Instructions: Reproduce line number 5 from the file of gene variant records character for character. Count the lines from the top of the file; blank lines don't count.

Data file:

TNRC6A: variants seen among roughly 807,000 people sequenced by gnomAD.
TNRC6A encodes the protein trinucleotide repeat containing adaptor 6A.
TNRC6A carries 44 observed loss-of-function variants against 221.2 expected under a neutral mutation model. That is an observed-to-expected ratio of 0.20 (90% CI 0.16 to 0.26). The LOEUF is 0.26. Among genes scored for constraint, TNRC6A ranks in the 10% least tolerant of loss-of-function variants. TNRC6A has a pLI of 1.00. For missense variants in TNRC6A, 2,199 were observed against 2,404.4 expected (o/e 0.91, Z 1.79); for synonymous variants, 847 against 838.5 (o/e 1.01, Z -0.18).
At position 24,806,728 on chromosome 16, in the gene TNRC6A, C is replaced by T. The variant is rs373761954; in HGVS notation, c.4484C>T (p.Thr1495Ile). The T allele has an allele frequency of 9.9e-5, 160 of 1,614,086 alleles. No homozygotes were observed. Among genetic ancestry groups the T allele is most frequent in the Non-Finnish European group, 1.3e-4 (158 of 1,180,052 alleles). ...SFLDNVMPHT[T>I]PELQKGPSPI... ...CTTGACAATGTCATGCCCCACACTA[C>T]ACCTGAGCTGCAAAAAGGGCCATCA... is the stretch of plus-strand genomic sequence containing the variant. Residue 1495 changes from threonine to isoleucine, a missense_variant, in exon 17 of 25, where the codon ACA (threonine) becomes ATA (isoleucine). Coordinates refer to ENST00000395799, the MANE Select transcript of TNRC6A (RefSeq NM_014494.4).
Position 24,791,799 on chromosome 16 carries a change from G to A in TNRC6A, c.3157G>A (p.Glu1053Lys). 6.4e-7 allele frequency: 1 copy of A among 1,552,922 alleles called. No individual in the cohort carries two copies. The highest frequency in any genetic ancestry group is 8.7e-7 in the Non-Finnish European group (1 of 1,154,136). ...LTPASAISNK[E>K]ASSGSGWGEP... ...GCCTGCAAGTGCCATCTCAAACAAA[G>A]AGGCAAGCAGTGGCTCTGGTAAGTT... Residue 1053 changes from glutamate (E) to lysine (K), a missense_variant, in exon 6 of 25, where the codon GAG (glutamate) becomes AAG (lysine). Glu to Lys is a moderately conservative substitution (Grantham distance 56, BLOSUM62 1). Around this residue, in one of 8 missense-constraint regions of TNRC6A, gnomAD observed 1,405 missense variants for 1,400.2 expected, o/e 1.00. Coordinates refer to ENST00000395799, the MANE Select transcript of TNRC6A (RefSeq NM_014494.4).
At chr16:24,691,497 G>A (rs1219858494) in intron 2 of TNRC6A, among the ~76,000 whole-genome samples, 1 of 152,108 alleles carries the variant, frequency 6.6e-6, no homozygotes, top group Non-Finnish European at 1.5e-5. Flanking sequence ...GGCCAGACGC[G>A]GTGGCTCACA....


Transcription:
Position 24,791,799 on chromosome 16 carries a change from G to A in TNRC6A, c.3157G>A (p.Glu1053Lys). 6.4e-7 allele frequency: 1 copy of A among 1,552,922 alleles called. No individual in the cohort carries two copies. The highest frequency in any genetic ancestry group is 8.7e-7 in the Non-Finnish European group (1 of 1,154,136). ...LTPASAISNK[E>K]ASSGSGWGEP... ...GCCTGCAAGTGCCATCTCAAACAAA[G>A]AGGCAAGCAGTGGCTCTGGTAAGTT... Residue 1053 changes from glutamate (E) to lysine (K), a missense_variant, in exon 6 of 25, where the codon GAG (glutamate) becomes AAG (lysine). Glu to Lys is a moderately conservative substitution (Grantham distance 56, BLOSUM62 1). Around this residue, in one of 8 missense-constraint regions of TNRC6A, gnomAD observed 1,405 missense variants for 1,400.2 expected, o/e 1.00. Coordinates refer to ENST00000395799, the MANE Select transcript of TNRC6A (RefSeq NM_014494.4).